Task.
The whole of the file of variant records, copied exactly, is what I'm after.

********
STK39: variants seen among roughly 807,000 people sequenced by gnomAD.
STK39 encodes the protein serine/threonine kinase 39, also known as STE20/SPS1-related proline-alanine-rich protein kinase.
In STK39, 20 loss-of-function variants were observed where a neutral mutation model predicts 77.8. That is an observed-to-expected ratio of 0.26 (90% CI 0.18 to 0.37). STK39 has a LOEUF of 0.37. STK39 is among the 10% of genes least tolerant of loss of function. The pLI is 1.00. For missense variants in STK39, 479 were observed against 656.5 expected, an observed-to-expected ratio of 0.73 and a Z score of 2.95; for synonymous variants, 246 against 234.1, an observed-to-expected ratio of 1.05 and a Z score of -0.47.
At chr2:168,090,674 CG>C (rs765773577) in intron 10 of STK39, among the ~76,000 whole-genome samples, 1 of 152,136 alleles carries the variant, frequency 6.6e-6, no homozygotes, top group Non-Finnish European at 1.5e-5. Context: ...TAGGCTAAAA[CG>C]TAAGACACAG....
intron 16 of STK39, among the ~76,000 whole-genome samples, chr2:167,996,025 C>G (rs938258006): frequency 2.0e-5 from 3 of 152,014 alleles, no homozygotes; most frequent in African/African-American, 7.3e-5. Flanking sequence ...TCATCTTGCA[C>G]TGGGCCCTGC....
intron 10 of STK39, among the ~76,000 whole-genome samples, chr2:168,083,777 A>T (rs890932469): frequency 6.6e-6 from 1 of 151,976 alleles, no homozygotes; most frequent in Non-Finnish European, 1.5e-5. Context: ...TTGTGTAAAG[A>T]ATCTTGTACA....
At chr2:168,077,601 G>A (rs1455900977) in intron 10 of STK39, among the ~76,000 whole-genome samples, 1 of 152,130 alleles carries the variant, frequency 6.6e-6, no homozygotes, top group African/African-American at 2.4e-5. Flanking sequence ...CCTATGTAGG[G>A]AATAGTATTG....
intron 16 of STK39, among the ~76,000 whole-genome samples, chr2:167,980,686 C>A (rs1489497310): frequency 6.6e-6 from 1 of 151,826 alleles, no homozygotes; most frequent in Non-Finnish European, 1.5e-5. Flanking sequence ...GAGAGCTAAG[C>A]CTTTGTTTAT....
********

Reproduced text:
STK39: variants seen among roughly 807,000 people sequenced by gnomAD.
STK39 encodes the protein serine/threonine kinase 39, also known as STE20/SPS1-related proline-alanine-rich protein kinase.
In STK39, 20 loss-of-function variants were observed where a neutral mutation model predicts 77.8. That is an observed-to-expected ratio of 0.26 (90% CI 0.18 to 0.37). STK39 has a LOEUF of 0.37. STK39 is among the 10% of genes least tolerant of loss of function. The pLI is 1.00. For missense variants in STK39, 479 were observed against 656.5 expected, an observed-to-expected ratio of 0.73 and a Z score of 2.95; for synonymous variants, 246 against 234.1, an observed-to-expected ratio of 1.05 and a Z score of -0.47.
At chr2:168,090,674 CG>C (rs765773577) in intron 10 of STK39, among the ~76,000 whole-genome samples, 1 of 152,136 alleles carries the variant, frequency 6.6e-6, no homozygotes, top group Non-Finnish European at 1.5e-5. Context: ...TAGGCTAAAA[CG>C]TAAGACACAG....
intron 16 of STK39, among the ~76,000 whole-genome samples, chr2:167,996,025 C>G (rs938258006): frequency 2.0e-5 from 3 of 152,014 alleles, no homozygotes; most frequent in African/African-American, 7.3e-5. Flanking sequence ...TCATCTTGCA[C>G]TGGGCCCTGC....
intron 10 of STK39, among the ~76,000 whole-genome samples, chr2:168,083,777 A>T (rs890932469): frequency 6.6e-6 from 1 of 151,976 alleles, no homozygotes; most frequent in Non-Finnish European, 1.5e-5. Context: ...TTGTGTAAAG[A>T]ATCTTGTACA....
At chr2:168,077,601 G>A (rs1455900977) in intron 10 of STK39, among the ~76,000 whole-genome samples, 1 of 152,130 alleles carries the variant, frequency 6.6e-6, no homozygotes, top group African/African-American at 2.4e-5. Flanking sequence ...CCTATGTAGG[G>A]AATAGTATTG....
intron 16 of STK39, among the ~76,000 whole-genome samples, chr2:167,980,686 C>A (rs1489497310): frequency 6.6e-6 from 1 of 151,826 alleles, no homozygotes; most frequent in Non-Finnish European, 1.5e-5. Flanking sequence ...GAGAGCTAAG[C>A]CTTTGTTTAT....